That means many of those looking to rebuild burned homes could find they are under-insured for the cost of meeting the new standards, said Mr Ian Weir, an architect who specialises in the area.

Australia grades bush fire risk levels from low to "flame zone", with the cost of building in the most dangerous areas increasing by "an order of magnitude", said Mr Weir.

EMBER ATTACK

Homes need to be fortified to commercial-level standards of resilience to withstand the worst threats. Shutters designed to block embers, for example, can cost A$1,000 a square metre, Mr Weir said.

They are an important defence since windows can shatter under extreme heat, providing entry points for flying embers that are the principal cause of as many as 85 per cent of homes destroyed in wildfires, according to the Fire Protection Association.

In less hazardous areas, building a basic home that meets fire standards doesn't necessarily mean large additional costs, Mr Weir said. However, in risky areas, construction can become "prohibitively expensive" when lifestyle features like verandas and decks are added because of the need to use non-combustible materials for structural elements, such as steel, and cladding that is three times the price of the conventional equivalent, he said.

For those under- or uninsured, the cost of rebuilding will be a burden for poorer rural communities, according to Prof Andrew Beer, a regional housing and infrastructure professor at the University of South Australia. The impact on household finances will be "devastating", he said.

Some of these people will be forced to relocate to cities, while others will remain unprotected. Victorian Premier Daniel Andrews pledged to waive as much as A$55,000 in taxes for fire-affected residents who elect to buy a home in a new area.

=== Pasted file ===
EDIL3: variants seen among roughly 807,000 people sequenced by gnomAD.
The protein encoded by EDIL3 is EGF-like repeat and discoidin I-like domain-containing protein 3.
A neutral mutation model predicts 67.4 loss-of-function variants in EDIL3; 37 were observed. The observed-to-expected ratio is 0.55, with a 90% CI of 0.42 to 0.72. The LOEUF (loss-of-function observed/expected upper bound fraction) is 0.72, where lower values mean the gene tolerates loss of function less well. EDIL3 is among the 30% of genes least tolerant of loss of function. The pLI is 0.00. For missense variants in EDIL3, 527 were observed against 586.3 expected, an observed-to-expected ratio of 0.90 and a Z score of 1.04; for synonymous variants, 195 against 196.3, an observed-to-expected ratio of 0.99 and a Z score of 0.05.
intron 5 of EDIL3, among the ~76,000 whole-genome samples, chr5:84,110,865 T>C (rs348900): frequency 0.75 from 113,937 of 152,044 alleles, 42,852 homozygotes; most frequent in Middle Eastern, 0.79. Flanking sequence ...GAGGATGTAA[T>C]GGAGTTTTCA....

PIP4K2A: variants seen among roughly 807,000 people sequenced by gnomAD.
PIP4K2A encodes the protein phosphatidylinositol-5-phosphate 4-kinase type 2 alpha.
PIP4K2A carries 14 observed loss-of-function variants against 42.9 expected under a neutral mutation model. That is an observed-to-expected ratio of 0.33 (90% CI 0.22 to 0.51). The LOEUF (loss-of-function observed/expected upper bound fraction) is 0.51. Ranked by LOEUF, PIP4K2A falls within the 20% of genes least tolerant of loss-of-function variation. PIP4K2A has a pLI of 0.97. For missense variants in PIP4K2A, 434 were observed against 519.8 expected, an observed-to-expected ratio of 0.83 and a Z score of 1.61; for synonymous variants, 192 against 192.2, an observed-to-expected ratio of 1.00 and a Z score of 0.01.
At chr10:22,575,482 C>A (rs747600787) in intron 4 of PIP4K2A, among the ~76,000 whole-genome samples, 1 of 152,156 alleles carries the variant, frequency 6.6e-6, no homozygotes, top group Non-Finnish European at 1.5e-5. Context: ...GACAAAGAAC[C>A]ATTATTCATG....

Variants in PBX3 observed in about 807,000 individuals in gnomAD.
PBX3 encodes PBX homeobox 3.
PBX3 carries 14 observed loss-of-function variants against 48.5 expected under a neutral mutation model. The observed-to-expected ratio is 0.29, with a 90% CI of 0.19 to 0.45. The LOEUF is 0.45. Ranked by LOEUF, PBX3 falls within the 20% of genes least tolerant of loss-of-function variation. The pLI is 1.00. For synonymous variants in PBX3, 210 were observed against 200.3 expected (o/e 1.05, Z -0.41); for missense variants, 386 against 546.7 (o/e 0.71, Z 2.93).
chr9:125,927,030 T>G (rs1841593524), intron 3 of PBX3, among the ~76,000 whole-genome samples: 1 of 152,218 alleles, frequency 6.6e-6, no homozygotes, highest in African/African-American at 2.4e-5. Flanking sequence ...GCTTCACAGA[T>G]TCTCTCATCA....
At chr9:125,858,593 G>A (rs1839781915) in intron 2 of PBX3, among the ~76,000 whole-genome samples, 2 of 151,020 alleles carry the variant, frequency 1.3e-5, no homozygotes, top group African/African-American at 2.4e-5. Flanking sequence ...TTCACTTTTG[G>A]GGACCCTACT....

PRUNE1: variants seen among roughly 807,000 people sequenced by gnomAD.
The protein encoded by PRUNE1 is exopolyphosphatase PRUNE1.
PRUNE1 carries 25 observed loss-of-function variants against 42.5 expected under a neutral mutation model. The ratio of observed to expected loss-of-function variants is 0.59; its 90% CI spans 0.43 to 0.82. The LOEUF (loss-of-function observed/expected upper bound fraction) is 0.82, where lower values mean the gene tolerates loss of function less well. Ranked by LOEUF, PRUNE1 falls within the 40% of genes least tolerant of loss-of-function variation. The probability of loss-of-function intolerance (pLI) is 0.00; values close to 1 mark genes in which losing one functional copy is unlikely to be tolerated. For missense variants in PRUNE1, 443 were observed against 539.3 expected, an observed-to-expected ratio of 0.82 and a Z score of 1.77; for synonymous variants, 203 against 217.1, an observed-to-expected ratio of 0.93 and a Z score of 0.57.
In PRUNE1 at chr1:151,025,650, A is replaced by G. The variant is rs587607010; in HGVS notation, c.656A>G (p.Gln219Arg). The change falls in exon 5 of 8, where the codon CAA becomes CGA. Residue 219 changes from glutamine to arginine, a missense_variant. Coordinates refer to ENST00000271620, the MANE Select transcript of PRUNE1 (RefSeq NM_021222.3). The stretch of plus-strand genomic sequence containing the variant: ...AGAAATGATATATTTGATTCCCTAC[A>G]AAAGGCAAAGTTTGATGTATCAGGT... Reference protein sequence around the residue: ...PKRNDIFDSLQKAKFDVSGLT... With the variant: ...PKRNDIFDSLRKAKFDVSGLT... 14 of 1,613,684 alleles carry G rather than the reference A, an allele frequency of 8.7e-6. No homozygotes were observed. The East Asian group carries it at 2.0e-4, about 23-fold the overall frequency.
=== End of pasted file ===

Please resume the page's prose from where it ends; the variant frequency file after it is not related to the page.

CLIMATE RESILIENCE

Prime Minister Scott Morrison acknowledged last week that the nation must become more resilient to climate change, and proposed a review of the government's response to the wildfire crisis. Mr Morrison, a staunch supporter of the coal industry, didn't make any firm commitment to reducing the country's emissions.

 
 
 

The Australian and state governments pledged more than A$3 billion this month to fire relief and recovery efforts.

Expenditure on mitigation measures such as land-use planning, hazard-reduction fires, protective infrastructure and building innovation is equivalent to only 3 per cent of that spent in response to the disasters, according to Mr Terry Rawnsley, principal and partner with SGS Economics and Planning.

"Successive governments have over-invested in post-disaster reconstruction and under-invested in mitigation, which would limit the impact of natural disasters," he said. "As a general rule, one dollar spent on mitigation can save at least two dollars in recovery costs."

For Mallacoota resident Mr Allison, that means rebuilding his home on a more costly but less risky spot at the front of his block, further from a potential wildfire, "making pretty sure that it's not going to burn down again".

"We love Mallacoota," he said. "It is a special place that has a special beauty."